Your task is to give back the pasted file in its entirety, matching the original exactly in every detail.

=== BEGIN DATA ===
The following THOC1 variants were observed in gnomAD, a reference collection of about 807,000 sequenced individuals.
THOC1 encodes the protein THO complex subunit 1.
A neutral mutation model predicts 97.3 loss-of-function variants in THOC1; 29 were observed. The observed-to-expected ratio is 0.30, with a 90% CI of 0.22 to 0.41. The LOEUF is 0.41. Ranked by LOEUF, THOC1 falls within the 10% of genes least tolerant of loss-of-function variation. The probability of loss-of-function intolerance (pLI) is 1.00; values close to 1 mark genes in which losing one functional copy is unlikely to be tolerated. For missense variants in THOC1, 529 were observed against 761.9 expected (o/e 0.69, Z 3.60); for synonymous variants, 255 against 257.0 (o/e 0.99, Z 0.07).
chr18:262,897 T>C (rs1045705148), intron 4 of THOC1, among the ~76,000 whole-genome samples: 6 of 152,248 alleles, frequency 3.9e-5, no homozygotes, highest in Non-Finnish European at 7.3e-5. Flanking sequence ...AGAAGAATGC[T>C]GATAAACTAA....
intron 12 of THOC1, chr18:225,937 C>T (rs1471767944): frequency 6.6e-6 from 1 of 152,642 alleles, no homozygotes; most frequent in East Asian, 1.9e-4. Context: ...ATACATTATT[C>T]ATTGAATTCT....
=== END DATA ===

The following THOC1 variants were observed in gnomAD, a reference collection of about 807,000 sequenced individuals.
THOC1 encodes the protein THO complex subunit 1.
A neutral mutation model predicts 97.3 loss-of-function variants in THOC1; 29 were observed. The observed-to-expected ratio is 0.30, with a 90% CI of 0.22 to 0.41. The LOEUF is 0.41. Ranked by LOEUF, THOC1 falls within the 10% of genes least tolerant of loss-of-function variation. The probability of loss-of-function intolerance (pLI) is 1.00; values close to 1 mark genes in which losing one functional copy is unlikely to be tolerated. For missense variants in THOC1, 529 were observed against 761.9 expected (o/e 0.69, Z 3.60); for synonymous variants, 255 against 257.0 (o/e 0.99, Z 0.07).
chr18:262,897 T>C (rs1045705148), intron 4 of THOC1, among the ~76,000 whole-genome samples: 6 of 152,248 alleles, frequency 3.9e-5, no homozygotes, highest in Non-Finnish European at 7.3e-5. Flanking sequence ...AGAAGAATGC[T>C]GATAAACTAA....
intron 12 of THOC1, chr18:225,937 C>T (rs1471767944): frequency 6.6e-6 from 1 of 152,642 alleles, no homozygotes; most frequent in East Asian, 1.9e-4. Context: ...ATACATTATT[C>T]ATTGAATTCT....